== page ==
Exploring XMLHierMenus (1/4) - exploring XML | WebReference

Exploring XMLHierMenus (1/4) - exploring XML

Exploring XMLHierMenus

When XML and DHTML unite to form the Web's New Dream Team

Welcome back. In this tools section of the column we are going to explore actual solutions to real-world Web problems, putting to work our newly acquainted knowledge from the preceeding XML tutorials and standards articles. At the end of my last article I demonstrated the use of the W3C standards X-Link and XSL to render a collection of Web links in different ways. Today we take an in-depth look at how it all works, so after reading this article you will be in a position to start your own projects based on X-Link and XSL.

The solution consists of three components:

  1. The source document, containing the links in the form of X-Link elements
  2. The XSL style sheet for transorming the source document into a list of plain HTML links
  3. The XSL style sheet for transforming the source document into a Hierarchical Menu
Let's look at them in order to better understand how it all fits together:

The source document

Here is a listing of the source document, containing some text and a number of links specified in X-Link syntax. The listing is broken down into several paragraphs that contain some inline comments and explanations.
<?xml version="1.0"?>
<page xmlns:xlink="http://www.w3.org/XML/XLink/0.9">
The first line identifies this document as an XML document. The second defines a self-invented root element page and maps the prefix xlink to the X-Link namespace. Namespaces allow to mix different XML vocabularies in one document, so that for instance <stock:quote> can be reliably distinguished from <speech:quote>. There are no requirements for the given URL or the location it points to, in fact it can be any kind of identifier as long as it is unique.
Follow this simple link to our 
<xlink:simple href="/" role="Homepage" title="Home" show="replace" actuate="user">
WebReference Home Page
</xlink:simple>
or use this menu
Here comes the first simple link, specified by the simple element of X-Link. As mentioned in the previous article it looks suspiciously like an HTML anchor, with some additional attributes that a user agent can make use of.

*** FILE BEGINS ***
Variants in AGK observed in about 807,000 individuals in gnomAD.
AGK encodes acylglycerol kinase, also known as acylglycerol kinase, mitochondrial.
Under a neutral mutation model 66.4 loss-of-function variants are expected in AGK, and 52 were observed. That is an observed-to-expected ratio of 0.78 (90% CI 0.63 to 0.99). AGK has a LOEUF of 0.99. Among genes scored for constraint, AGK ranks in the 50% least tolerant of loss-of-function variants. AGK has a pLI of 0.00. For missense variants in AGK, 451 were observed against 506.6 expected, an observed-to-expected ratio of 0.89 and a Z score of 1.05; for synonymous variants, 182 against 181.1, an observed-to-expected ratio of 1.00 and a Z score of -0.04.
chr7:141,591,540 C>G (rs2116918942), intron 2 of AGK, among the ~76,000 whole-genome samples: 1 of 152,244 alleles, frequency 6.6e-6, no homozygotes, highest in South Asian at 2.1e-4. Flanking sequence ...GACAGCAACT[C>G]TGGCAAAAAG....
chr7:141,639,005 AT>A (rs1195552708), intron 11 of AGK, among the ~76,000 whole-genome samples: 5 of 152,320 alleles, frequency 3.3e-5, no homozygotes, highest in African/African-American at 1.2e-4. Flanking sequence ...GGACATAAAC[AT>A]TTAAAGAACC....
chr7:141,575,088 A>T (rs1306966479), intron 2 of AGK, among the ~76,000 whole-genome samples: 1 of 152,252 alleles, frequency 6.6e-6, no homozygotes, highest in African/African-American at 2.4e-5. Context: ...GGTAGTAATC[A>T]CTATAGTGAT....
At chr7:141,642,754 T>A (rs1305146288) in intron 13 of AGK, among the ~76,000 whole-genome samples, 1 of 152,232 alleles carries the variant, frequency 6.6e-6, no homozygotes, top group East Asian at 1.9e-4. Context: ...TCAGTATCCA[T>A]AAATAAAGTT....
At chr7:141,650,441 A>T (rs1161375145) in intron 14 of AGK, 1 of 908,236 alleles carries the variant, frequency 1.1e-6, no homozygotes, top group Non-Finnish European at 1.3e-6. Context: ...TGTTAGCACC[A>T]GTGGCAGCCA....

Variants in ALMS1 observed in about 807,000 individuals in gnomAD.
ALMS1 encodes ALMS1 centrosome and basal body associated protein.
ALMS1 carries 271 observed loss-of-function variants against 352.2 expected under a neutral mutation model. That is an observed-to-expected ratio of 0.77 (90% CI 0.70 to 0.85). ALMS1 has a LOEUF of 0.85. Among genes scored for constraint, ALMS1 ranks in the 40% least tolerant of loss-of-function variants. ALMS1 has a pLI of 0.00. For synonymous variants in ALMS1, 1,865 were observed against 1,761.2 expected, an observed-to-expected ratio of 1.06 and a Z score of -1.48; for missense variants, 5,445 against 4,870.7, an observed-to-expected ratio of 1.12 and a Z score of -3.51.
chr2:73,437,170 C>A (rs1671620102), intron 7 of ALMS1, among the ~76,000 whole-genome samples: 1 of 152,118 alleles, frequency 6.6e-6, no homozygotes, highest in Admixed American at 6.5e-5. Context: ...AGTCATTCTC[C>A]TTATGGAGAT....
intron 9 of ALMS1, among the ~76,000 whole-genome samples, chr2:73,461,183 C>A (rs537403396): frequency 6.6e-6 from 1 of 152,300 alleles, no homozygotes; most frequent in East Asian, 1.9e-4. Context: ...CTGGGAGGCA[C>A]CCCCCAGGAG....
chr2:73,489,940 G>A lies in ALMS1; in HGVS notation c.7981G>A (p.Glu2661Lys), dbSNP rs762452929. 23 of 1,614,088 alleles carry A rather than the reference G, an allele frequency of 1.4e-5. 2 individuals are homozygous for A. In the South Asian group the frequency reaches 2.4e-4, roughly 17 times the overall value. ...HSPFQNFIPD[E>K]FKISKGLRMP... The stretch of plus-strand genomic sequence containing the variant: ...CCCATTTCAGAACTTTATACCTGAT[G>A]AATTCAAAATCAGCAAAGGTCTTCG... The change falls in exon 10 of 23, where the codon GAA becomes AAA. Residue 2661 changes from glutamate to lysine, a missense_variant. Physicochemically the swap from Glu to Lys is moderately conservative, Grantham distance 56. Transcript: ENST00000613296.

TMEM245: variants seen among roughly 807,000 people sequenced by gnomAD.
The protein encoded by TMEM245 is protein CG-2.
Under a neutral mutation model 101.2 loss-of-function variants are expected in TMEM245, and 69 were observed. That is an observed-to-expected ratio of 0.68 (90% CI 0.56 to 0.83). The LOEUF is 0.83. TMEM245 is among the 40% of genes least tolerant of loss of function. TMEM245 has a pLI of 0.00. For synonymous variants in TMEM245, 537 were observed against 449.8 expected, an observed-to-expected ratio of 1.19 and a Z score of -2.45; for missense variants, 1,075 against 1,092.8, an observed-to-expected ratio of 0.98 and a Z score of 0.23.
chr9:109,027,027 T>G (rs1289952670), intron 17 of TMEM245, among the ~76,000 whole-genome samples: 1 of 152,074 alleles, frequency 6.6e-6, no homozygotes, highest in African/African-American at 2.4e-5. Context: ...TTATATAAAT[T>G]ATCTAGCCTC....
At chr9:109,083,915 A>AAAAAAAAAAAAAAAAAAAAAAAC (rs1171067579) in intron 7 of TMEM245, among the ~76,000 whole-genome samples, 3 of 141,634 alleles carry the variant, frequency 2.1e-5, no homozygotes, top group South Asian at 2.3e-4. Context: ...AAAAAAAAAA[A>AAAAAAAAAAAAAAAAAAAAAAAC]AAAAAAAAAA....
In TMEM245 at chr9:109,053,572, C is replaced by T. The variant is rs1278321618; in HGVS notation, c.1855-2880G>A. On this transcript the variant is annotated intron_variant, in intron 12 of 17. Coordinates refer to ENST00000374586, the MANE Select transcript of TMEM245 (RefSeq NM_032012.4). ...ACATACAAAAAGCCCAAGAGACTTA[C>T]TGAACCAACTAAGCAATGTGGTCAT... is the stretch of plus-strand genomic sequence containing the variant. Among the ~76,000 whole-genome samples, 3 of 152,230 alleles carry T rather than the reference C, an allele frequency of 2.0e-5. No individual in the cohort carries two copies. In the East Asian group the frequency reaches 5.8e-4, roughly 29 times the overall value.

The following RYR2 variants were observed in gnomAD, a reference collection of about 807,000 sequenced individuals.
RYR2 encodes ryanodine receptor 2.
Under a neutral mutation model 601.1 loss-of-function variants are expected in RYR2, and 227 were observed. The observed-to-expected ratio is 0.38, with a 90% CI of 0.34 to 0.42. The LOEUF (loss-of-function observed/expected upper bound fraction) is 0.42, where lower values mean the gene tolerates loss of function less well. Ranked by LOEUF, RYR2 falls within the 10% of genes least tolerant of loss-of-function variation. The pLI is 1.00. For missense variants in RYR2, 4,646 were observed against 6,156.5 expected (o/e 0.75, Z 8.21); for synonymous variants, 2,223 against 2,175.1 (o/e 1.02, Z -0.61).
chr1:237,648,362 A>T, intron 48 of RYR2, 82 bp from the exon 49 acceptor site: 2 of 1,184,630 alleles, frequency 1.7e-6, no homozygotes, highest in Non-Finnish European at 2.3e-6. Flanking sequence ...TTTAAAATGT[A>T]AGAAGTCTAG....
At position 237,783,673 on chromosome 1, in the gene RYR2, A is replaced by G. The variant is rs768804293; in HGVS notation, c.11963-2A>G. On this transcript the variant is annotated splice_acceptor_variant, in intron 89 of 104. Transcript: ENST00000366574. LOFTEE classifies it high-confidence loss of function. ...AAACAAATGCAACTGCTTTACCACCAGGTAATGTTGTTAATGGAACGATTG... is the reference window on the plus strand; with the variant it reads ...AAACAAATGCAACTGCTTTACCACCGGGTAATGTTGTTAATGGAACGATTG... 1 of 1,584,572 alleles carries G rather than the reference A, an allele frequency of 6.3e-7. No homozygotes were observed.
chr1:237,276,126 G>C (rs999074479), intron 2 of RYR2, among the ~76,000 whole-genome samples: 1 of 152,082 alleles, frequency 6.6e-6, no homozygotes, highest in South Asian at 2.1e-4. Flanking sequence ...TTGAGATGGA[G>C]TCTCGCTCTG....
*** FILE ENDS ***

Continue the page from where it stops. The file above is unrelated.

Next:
But now the flexibility of XML poses a challenge: How do I turn an arbitrary XML tag into a linking element? In HTML, with its fixed set of well-defined tags this is not a problem. But in XML, we could choose to define our own tag named menuitem for instance to point to a target URL just like this:

<menu title="WebReference">
  <menuitem xlink:href="/" xlink:role="Homepage" xlink:title="Home"/>
  <menu title="XML">
  <menuitem xlink:href="/xml" xlink:role="Homepage" xlink:title="Home"/>
    <menuitem xlink:href="/xml/about" xlink:role="About" xlink:title="About"/>
  </menu>
  <menu title="DHTML">
    <menuitem xlink:href="/dhtml" xlink:role="Homepage" xlink:title="Home"/>
    <menuitem xlink:href="/dhtml/about" xlink:role="About" xlink:title="About"/>
  </menu>
</menu>
The above defines a collection of links using custom elements menu and menuitem, grouped into a top level for WebReference and two sub-levels for the XML and DHTML columns. X-Link not only defines elements, but also attributes like href and role that can be attached to any self-defined element and should be treated accordingly by the user agent, no matter with which XML element they appear. This way we can turn any element of a document into a link!
if you want to jump directly to a particular section of DHTML or XML.
</page>
Finally we need to close the root element so that we end up with a well-formed XML document.

http://www.internet.com


Produced by Michael Claßen
All Rights Reserved. Legal Notices.

URL: http://www.webreference.com/xml/column3/index.html
Created: Dec. 31, 1999
Revised: Jan. 06, 2000